A recent survey found that nearly two-thirds of automotive aftermarket shop owners plan to retire in the next 10 years.
But how many of them have a proper plan to transition? That uncertainty has some industry experts worried.
Of those looking to retire, 37 per cent plan to sell their business while 48 per cent plan to pass it on to family or friends — a number that took panellists of a recent webinar by surprise as that number was higher than they’ve generally been used to.
Another 13 per cent of respondents to the survey, conducted by shop software company AutoLeap, said they simply plan to lock the doors and walk away.
“I think we’re in trouble,” said Cecil Bullard, chief executive officer of the Institute for Automotive Business Excellence and RLO Training, during a recent AutoLeap-hosted webinar when assessing the number of people willing to close the business when they retire.
That’s a significant number of shop owners who don’t have a plan moving forward and the loss to the industry could be significant, he added.
“And so I think we’re going to see a real drop in shops,” Bullard continued. “Combine that with the cost of education and the need for education in schools and there are going to be quite a few shops, probably, that don’t exist in the future if they don’t make some changes today.”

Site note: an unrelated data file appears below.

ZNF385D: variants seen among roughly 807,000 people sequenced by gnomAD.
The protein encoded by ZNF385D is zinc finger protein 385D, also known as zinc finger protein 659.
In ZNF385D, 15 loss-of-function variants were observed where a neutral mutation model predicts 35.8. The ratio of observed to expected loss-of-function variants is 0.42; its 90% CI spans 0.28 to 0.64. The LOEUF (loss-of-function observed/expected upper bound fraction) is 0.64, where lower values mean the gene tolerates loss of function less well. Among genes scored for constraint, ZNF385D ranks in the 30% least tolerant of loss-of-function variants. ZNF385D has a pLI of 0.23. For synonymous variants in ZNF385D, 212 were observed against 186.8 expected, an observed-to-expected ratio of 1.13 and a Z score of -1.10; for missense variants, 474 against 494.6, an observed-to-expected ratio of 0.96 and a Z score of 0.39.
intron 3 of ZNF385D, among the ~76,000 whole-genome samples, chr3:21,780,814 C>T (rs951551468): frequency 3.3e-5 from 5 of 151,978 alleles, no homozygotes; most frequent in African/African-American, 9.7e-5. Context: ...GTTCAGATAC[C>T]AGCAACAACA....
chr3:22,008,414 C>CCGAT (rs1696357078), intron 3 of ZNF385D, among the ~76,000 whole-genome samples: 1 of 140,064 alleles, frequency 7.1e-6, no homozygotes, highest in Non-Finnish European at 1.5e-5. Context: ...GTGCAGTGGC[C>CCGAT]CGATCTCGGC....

Chris Cotton. owner of AutoFix-Auto Shop Coaching, compared the future of the auto repair industry to the agricultural sector during the panel.
“If we don’t have people to pass these businesses along to or sell them out, big corporate entities are going to come in and buy the shops up, or the three-bay, four-bay, five-bay shops are going to get completely bulldozed and turned into car washes,” he said.
Instead, there could be 20-bay super repair centres that could be owned by dealerships, he predicted. “So it is definitely disconcerting,” Cotton said.
Or look at the collision sector, Bullard pointed out. The same situation that’s been playing out there with large networks scooping up independent outlets over the last 15 years could creep into mechanical repair.
“And it’s almost scary because now in auto body, most mom-and-pop shops are gone and there aren’t that many left,” he said.
Diane Freeman, executive director of the Automotive Aftermarket Retailers of Ontario, noted that she’s “definitely” seeing shop counts decline as Baby Boomers begin to retire.
“I know that a lot of our members are definitely trying to find an employee who may be interested in taking over the business and doing that,” she said.